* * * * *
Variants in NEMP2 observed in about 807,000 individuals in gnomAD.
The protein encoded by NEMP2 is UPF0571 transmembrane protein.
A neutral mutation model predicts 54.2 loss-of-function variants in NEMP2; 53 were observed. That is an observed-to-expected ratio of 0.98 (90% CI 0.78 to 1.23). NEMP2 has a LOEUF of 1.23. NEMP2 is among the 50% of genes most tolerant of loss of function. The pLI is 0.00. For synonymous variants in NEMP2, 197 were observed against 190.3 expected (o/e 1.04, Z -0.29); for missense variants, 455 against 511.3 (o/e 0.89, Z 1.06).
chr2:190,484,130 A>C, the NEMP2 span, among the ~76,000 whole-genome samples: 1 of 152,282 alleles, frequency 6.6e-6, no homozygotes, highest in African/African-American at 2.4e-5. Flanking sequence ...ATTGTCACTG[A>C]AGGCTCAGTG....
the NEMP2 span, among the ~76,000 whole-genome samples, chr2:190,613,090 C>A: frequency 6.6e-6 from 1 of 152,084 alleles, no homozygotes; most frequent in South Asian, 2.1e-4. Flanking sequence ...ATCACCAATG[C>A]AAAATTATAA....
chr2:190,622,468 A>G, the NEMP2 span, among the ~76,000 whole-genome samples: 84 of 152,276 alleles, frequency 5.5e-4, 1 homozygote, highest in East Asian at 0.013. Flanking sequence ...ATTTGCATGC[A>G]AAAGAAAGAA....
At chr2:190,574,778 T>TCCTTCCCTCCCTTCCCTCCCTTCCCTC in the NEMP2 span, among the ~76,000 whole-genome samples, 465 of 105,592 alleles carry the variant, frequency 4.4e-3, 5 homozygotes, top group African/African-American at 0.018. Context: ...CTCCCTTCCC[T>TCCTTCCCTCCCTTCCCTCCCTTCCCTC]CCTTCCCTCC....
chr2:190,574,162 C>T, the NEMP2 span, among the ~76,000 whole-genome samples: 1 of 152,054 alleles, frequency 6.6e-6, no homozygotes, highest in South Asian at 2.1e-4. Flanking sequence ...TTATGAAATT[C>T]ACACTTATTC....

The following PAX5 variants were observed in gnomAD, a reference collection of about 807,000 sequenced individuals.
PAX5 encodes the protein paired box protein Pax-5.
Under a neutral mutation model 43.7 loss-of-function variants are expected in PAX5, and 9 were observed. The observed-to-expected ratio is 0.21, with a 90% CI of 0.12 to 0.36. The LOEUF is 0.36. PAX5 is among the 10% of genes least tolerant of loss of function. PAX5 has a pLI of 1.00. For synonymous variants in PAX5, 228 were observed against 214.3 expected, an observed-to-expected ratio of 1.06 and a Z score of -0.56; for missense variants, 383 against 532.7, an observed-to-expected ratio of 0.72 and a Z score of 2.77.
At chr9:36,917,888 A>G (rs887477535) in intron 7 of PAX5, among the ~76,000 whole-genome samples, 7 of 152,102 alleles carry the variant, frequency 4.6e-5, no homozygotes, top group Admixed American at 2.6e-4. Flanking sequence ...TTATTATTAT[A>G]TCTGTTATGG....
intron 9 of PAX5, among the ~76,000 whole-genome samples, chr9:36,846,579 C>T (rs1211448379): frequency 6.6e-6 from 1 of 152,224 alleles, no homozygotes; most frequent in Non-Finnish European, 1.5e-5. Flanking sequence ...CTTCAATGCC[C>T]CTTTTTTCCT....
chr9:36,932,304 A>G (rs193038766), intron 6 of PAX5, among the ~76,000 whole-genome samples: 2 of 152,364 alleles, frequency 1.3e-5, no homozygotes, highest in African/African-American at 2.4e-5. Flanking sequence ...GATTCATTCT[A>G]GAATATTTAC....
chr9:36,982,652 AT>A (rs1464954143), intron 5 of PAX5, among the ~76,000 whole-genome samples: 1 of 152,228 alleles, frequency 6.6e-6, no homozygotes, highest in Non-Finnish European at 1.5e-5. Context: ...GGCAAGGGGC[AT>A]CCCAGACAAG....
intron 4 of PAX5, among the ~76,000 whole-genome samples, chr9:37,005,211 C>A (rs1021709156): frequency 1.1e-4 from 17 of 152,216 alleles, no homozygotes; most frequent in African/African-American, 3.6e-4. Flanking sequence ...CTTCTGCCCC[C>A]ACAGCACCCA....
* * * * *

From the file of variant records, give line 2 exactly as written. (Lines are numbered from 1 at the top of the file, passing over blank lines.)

The protein encoded by NEMP2 is UPF0571 transmembrane protein.